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Carbon Nanotube Infused Launch Vehicle Structures

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Carbon Nanotube Infused Launch Vehicle Structures

For the past 5 years Orbital ATK has been investing in, prototyping, and testing carbon nanotube infused composite structures to evaluate their impact on launch vehicle structural damping. Improvements to structural damping would be revolutionary to launch vehicle design.

For any vehicle a significant portion of design, material, and integration efforts center on mitigating the severe dynamic environments seen during flight. This includes launch acoustics, random vibration, sinusoidal vibration, and shock. Acoustics are driven by high frequency pressure fluctuations associated with motor firing or the launch vehicle quickly passing through the atmosphere. This induces responses and stress in structures and components. During launch random vibration from aero-acoustics also induces stresses to hardware (e.g. components, as pieces, move relative to each other) risking failure both due to magnitude and fatigue. Sinusoidal vibration, usually (but not always) related to motor chamber pressure resonance during burn, can couple with a component or structure’s natural frequency –magnifying the vibration and posing significant structural and hardware risk. Lastly, short high magnitude shock events also occur at the ignition of each motor stage and at each stage’s pyrotechnic separation event. Shock poses significant technical risk and is a common driver for launch vehicle design requirements.

Testing to date by the Orbital ATK Launch Vehicle Division (LVD) has shown that by infusing CNT into composite we can improve the structural damping by a factor of 2x. Improved damping attenuates launch dynamic environments which leads to cascading benefits if CNT’s are infused into all primary and secondary structures. The improved damping lowers transient dynamic loads in primary structures and reduces secondary structure dynamic response. This allows reduction of primary and secondary structural mass. Moreover shock and random vibration are reduced into components which may allow for the elimination of hardware isolation systems. With no isolation required on hundreds of components (including the payload), a significant amount of “parasitic mass” can be eliminated. The significant reduction in part quantity and design complexity produces cascading material, design, test, and integration cost savings and expedites program schedules. A case study on Orbital ATK launch vehicles shows elimination of parasitic mass enabled through CNT utilization could increase payload mass to orbit by >10% and reduce launch vehicle cost by >15%. Dynamic loads and environments into the spacecraft are also decreased—enabling reduction in payload structural mass, associated propellant mass, and reduce spacecraft test environments.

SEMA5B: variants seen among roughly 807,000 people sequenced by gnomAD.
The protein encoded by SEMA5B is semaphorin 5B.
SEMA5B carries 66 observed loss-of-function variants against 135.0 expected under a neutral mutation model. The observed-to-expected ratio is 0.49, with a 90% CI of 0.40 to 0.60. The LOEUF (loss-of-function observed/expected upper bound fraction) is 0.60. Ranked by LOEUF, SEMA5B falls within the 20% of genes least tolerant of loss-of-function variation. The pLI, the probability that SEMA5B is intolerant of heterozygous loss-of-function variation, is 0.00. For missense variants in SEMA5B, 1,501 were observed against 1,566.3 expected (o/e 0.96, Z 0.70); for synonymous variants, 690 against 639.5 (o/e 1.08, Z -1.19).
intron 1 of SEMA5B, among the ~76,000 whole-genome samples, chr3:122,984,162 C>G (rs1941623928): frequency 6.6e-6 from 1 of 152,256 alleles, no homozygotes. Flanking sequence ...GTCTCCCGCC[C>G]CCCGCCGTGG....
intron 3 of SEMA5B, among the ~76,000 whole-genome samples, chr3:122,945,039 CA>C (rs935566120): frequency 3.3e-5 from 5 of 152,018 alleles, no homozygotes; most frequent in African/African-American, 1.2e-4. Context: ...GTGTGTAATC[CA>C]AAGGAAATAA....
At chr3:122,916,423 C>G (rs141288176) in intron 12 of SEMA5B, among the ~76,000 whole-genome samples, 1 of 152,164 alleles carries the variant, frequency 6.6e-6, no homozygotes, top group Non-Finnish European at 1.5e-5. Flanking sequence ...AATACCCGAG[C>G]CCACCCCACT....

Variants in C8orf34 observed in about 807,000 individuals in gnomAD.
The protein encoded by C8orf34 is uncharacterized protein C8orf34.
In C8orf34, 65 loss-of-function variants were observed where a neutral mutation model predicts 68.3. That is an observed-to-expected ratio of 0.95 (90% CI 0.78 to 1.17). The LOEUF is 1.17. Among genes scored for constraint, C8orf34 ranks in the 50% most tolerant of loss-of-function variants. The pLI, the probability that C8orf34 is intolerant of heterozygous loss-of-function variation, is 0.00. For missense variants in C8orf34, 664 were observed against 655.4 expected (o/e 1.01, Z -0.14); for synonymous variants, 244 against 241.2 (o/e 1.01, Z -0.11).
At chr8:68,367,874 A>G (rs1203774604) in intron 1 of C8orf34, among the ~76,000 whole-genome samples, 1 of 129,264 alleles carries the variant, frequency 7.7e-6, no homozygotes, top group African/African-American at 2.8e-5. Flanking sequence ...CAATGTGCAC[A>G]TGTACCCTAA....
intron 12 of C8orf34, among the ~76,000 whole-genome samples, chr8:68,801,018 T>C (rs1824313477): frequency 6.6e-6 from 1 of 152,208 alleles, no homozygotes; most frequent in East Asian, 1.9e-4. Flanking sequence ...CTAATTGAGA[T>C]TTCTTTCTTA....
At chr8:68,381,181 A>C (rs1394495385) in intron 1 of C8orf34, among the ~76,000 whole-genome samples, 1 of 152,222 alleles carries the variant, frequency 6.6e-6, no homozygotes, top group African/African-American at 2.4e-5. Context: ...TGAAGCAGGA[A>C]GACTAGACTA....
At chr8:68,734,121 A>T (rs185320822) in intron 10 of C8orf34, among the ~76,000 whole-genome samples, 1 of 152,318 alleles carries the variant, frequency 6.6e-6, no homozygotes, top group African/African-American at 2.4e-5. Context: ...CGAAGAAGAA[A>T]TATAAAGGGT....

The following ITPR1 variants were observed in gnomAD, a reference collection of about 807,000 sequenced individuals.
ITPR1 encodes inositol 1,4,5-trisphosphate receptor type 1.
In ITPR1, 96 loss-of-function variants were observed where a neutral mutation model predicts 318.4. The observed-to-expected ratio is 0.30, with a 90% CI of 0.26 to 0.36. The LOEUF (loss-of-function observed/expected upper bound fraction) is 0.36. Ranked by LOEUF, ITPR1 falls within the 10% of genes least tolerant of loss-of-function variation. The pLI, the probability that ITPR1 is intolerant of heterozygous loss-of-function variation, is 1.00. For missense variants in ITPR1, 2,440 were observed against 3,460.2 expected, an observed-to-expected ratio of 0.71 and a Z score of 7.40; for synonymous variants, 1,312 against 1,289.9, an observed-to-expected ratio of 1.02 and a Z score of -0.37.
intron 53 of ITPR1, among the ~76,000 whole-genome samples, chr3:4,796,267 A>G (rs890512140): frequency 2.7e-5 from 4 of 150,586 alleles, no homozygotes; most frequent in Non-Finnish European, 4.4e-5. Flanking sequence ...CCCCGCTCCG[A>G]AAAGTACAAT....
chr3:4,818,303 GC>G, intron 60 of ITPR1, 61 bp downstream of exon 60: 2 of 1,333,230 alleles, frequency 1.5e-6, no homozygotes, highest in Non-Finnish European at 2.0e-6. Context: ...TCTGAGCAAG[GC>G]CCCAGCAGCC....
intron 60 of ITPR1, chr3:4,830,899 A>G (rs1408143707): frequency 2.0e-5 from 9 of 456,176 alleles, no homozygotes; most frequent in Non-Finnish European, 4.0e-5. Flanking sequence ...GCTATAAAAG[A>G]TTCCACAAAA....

CNT infused launch vehicle structures are at a tipping point enabling breakthrough improvement in structural damping. CNT’s efficacy improving damping has been shown at a coupon level in a lab environment (TRL 4). A two phased approach will mature this technology further. Phase I advances TRL to level 5 by building subsystem level prototypes and executing flight-like testing. CNT infused composites will be prototyped and tested in two independent configurations: CNT sheets interstitially layered in pre-impregnated (pre-preg) composite, and chopped CNT’s dispersed into composite. Phase II advances TRL to level 6 by building full-scale flight structures and completing end to end testing (ground and/or flight tests). Flight structures include a CNT sounding rocket interstage and a palletized CNT lattice bulkhead for a major launch vehicle. Orbital ATK is the prime contractor for the NASA Sounding Rocket Operations Contract (NSROC) program. Zero-cost rideshare opportunities to fly the CNT interstage will be pursued on best effort basis through the NSROC program. Results of this two-phased approach will demonstrate the safety, robustness, and cascading benefits of CNT technology in launch vehicles.

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